Denair Students on the Move – Trips Set This Year to Fresno, Magic Mountain and Disneyland

Submitted by Denair Unified School District

Students at Denair High School and Denair Charter Academy soon will be logging some miles traveling up and down Highway 99 to Fresno and Southern California.

School board trustees approved three upcoming trips at their meeting Thursday night.

The first is April 22-25 when as many as 19 FFA students from Denair High are expected to attend the state FFA convention in Fresno. The conference is one of the high points of the FFA calendar each year, anticipated almost as much as county fairs where animals are shown and projects are judged.

The convention provides leadership training, networking and growth opportunities for students. An estimated 5,000 teens from across the state attend each year. Denair’s attendees are selected based on their participation in FFA events, their grade-point averages and the effort they put forth in classes.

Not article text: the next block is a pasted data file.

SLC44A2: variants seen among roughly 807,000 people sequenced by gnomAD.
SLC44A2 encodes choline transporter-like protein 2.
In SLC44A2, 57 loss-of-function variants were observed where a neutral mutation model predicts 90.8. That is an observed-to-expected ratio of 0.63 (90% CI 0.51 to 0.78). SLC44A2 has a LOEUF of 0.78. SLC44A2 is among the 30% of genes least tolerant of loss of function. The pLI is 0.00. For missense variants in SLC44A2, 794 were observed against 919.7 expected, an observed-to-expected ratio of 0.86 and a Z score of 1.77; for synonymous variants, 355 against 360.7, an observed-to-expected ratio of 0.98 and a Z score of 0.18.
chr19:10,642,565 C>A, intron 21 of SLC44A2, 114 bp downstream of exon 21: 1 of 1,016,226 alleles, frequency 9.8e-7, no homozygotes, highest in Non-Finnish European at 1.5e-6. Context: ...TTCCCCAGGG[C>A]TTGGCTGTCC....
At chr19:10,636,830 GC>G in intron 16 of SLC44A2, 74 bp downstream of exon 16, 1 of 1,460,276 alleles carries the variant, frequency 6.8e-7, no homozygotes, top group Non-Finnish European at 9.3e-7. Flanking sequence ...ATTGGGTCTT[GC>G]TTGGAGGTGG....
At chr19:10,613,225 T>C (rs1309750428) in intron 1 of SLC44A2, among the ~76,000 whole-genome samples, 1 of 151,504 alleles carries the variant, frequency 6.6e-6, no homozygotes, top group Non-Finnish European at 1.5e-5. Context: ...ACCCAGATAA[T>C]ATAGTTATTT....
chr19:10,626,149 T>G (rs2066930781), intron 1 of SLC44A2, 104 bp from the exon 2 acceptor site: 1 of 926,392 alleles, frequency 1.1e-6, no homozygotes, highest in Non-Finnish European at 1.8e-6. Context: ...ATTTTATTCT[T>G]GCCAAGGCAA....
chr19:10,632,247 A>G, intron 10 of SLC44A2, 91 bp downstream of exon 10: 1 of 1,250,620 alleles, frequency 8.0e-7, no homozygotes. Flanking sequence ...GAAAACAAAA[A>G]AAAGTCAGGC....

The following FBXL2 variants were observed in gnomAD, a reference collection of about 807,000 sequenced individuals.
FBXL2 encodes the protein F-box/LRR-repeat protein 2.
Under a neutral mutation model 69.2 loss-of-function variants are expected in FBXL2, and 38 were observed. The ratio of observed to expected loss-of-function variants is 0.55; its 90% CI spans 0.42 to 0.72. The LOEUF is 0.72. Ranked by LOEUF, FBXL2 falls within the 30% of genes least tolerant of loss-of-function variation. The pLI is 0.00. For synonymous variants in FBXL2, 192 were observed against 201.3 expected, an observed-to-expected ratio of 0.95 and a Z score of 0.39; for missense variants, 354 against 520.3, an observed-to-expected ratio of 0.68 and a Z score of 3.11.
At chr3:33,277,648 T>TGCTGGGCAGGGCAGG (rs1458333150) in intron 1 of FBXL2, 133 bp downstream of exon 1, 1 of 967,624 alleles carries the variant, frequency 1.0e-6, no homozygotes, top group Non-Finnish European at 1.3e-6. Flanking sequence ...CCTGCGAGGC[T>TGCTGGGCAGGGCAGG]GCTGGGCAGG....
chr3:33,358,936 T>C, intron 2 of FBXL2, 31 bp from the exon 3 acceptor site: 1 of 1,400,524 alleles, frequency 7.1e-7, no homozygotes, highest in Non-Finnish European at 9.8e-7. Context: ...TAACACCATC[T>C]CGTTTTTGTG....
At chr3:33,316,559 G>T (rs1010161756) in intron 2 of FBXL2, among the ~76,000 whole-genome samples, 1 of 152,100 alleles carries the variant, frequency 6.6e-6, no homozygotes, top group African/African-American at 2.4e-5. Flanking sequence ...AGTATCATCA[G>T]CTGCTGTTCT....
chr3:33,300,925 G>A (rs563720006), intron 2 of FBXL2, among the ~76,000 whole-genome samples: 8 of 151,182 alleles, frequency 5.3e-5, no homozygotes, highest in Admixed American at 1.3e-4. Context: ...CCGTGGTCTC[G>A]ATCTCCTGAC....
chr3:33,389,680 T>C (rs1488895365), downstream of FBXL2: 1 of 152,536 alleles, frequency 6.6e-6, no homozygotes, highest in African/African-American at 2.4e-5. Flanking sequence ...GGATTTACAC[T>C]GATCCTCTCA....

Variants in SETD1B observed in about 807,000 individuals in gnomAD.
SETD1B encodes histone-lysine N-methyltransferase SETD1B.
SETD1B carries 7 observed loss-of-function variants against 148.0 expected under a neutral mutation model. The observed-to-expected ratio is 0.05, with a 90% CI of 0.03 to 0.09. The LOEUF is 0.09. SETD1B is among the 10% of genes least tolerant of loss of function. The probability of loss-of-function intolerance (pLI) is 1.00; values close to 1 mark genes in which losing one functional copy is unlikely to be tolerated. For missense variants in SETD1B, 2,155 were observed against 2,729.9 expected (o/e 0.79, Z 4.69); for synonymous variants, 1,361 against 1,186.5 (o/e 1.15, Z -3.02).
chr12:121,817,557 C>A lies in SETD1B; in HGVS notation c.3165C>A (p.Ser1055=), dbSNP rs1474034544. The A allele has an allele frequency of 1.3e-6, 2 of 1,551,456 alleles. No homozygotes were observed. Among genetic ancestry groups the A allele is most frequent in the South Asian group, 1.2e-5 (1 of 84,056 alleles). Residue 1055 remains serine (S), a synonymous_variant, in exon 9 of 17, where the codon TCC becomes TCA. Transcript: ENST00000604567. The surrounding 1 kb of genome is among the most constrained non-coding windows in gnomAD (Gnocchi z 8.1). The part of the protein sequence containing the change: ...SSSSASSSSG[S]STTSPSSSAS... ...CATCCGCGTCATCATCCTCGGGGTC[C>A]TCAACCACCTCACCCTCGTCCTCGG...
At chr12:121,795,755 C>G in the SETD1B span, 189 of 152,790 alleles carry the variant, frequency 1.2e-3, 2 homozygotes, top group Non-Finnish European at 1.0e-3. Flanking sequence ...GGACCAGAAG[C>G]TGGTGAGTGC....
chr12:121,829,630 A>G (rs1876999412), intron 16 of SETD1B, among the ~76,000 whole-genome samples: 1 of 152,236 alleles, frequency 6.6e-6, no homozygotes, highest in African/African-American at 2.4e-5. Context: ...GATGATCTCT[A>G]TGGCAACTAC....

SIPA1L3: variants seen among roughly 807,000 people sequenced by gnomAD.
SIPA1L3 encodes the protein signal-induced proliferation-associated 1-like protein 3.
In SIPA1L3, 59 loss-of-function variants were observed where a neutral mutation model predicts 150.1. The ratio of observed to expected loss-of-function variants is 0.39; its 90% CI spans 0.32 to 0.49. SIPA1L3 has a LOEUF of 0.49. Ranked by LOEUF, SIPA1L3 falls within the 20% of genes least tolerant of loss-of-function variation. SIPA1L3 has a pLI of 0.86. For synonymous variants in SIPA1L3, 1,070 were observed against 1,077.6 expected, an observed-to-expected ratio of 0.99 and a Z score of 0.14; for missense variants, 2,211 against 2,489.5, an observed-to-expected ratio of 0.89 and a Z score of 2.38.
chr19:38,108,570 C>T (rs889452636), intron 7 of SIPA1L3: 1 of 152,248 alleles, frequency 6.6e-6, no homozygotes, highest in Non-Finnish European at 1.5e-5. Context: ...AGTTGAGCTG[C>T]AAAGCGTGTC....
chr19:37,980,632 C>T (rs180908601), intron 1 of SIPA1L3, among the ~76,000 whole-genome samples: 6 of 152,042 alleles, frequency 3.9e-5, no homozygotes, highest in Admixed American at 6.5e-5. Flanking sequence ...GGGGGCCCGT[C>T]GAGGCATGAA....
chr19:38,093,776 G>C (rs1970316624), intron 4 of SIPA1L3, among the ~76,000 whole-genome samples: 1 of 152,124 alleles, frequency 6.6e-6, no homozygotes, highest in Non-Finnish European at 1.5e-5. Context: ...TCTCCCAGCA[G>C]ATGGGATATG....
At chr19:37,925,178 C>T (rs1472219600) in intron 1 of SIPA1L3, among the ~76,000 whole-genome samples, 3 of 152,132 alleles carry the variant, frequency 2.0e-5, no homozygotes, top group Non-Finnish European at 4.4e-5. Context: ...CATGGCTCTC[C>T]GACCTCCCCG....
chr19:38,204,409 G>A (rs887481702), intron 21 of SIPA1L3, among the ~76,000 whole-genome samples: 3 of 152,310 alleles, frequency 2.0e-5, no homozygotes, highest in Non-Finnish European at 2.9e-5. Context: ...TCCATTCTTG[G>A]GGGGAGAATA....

“There are sessions with speakers and other breakouts on different topics. It’s very popular and important for students,” Denair High ag teacher Molly Hanson told the board. She, fellow teacher Matthew Marshall and at least one other adult will chaperone the Denair contingent.

Trustee Ray Prock Jr. went to the convention with his son three years ago and said it was a terrific experience. “This is something to see. The only thing that rivals it is the national convention in Indianapolis.”

A second trip involves soon-to-be graduates at DCA, an independent study program separate from the traditional high school. For the first time, there will be a senior trip for graduates to a Southern California theme park. Only instead of going to Disneyland, as many schools do (Denair High grads will go May 10-11), DCA students will enjoy the roller coasters and other thrills at Magic Mountain in Valencia. Continue reading “Denair Students on the Move – Trips Set This Year to Fresno, Magic Mountain and Disneyland” »